/* Code Comments */

Using Typescript’s Pick To Improve Communication And Decrease Maintenance

June 25, 2019

Instead of documenting an interface that is redundant, but only a partial, we can use Pick to allow the interface to automatically be linked, w without being overly broad.

Situation: I want to be able to propose changes to a table — but only to two fields - is_enabled and display_order.

Imagine I want to create a method that will make changes to a table - but instead of opening up the entire record for modification, I want to limit which attributes to just two (is_enabled and display_order).

However, the original table has more fields than that. Here’s an interface for demonstration purposes:

interface IMyTable {
  id: string
  foreign_id: string
  name: string

  is_enabled: boolean
  is_custom: boolean
  display_order?: number

  name_en: string
  name_sp?: string
  name_fr?: string

  description_en?: string
  description_sp?: string
  description_fr?: string
}

Get It Working With Partial or Distinct Interfaces

Using Partial Interfaces

One method that would work would be to use a partial of the IMyTable.

async changeMyTable(proposal: Partial<IMyTable[]>): Promise<...> { /* ... */ }

This has the benefit of keeping the management of interfaces down, but introduces several new issues. Namely - I could pass any of the fields on the table and my method would either need to handle them or alert the user if not. Also, partials don’t give me the opportunity to require any fields. So, imagine id is necessary to find the correct record, but it’s not passed — the changes should fail.

Going this route sets me up to have to handle a number of additional fail states or fail silently — creating a lot more work for me or a poor user experience. Not great options.

A better approach would be to create a separate interface to communicate clearly to the user what you’re expecting and, therefore, what’s handled. That interface could look like this:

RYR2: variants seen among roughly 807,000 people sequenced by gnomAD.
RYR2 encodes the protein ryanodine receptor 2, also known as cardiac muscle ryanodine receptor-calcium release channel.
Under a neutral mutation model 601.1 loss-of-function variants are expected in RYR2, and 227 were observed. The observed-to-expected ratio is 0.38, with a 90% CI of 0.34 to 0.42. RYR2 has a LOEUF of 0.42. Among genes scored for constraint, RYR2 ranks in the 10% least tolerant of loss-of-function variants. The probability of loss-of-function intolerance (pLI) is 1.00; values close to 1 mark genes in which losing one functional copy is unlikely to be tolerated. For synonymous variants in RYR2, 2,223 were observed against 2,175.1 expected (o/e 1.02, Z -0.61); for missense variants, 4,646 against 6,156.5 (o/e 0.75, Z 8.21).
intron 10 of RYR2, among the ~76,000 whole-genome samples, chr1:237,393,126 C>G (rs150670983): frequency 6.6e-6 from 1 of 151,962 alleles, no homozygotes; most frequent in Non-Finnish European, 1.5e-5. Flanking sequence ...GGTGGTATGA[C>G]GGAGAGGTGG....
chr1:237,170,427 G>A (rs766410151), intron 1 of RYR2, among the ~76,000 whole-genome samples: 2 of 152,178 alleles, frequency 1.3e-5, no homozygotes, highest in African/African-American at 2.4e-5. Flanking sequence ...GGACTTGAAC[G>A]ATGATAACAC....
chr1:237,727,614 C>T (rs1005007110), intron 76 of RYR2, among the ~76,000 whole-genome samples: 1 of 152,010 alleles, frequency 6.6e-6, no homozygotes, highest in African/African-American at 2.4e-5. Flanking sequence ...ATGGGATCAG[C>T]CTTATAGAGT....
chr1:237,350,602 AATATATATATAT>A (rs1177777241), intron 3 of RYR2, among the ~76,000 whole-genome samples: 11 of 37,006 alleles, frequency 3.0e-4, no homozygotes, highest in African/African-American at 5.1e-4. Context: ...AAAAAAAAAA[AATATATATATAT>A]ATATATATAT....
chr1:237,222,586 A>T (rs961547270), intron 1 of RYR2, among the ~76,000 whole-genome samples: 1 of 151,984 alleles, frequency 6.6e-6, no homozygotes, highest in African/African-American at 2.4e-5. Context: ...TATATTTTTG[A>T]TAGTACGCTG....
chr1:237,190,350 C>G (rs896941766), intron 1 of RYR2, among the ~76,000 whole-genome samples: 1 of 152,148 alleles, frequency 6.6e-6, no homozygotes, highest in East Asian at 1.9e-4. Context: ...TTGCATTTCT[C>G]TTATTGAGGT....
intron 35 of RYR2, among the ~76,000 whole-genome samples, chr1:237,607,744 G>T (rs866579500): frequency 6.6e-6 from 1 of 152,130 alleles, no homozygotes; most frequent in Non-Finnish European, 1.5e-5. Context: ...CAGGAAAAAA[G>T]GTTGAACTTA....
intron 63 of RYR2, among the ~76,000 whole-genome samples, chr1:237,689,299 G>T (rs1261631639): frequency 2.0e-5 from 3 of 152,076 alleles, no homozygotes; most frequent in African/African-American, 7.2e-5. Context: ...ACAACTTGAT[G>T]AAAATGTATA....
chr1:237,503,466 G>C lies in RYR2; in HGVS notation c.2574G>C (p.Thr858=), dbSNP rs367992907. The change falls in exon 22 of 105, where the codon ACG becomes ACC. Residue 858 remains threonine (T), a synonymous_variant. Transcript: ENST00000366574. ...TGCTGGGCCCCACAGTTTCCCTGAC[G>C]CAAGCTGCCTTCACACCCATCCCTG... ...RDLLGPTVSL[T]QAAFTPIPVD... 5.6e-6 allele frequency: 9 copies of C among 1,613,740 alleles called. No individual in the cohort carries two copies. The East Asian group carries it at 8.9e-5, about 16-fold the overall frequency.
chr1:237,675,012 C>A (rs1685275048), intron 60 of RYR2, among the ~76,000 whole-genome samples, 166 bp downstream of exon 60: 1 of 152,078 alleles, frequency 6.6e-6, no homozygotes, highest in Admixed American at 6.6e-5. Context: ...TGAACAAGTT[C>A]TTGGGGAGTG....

interface IMyTableProposal {
    id: string;
    is_enabled?: boolean;
    display_order?: number;
}
...
async changeMyTable(proposal: IMyTableProposal): Promise<...> { /* ... */ }

This addresses several of the issues I introduced with the Partial, however, it creates new ones as well - specifically: I now have a second interface I need to maintain.

Making It Better Pick

By converting to a type, however, I can streamline the process using Pick.

export type MyTableProposal = Pick<myTable, "id" | "is_enabled" | "display_order">;
...
async changeMyTable(proposal: MyTableProposal): Promise<...> { /* ... */ }

How Pick Works:

The API requires two features:

  1. The Base Interface (i.e. what is being picked from)
  2. The Select(ed) Attributes (i.e. which of the base interface’s characteristics should be included in the type)

Perks of Pick

A few of the perks that come with Pick include:

  1. If the interface IMyTable changes later, it will flow through automatically to the type
  2. The interface is shown in IntelliSense as is expected (i.e. only the picked fields)
  3. I only have to maintain one interface (unless I want to change which cases are handled, in which case it makes sense I’d need to update the type anyway).

pick type my table

Conclusion

Using the Pick instead of a Partial or separate interface in this case increases the specificity of my control with respect to which elements I allow to be updated without having to keep a second interface in-sync (thereby adhering to DRY).


Stephen Weiss

Thanks for reading! My name's Stephen Weiss. I live in Chicago with my wife, Kate, and dog, Finn.
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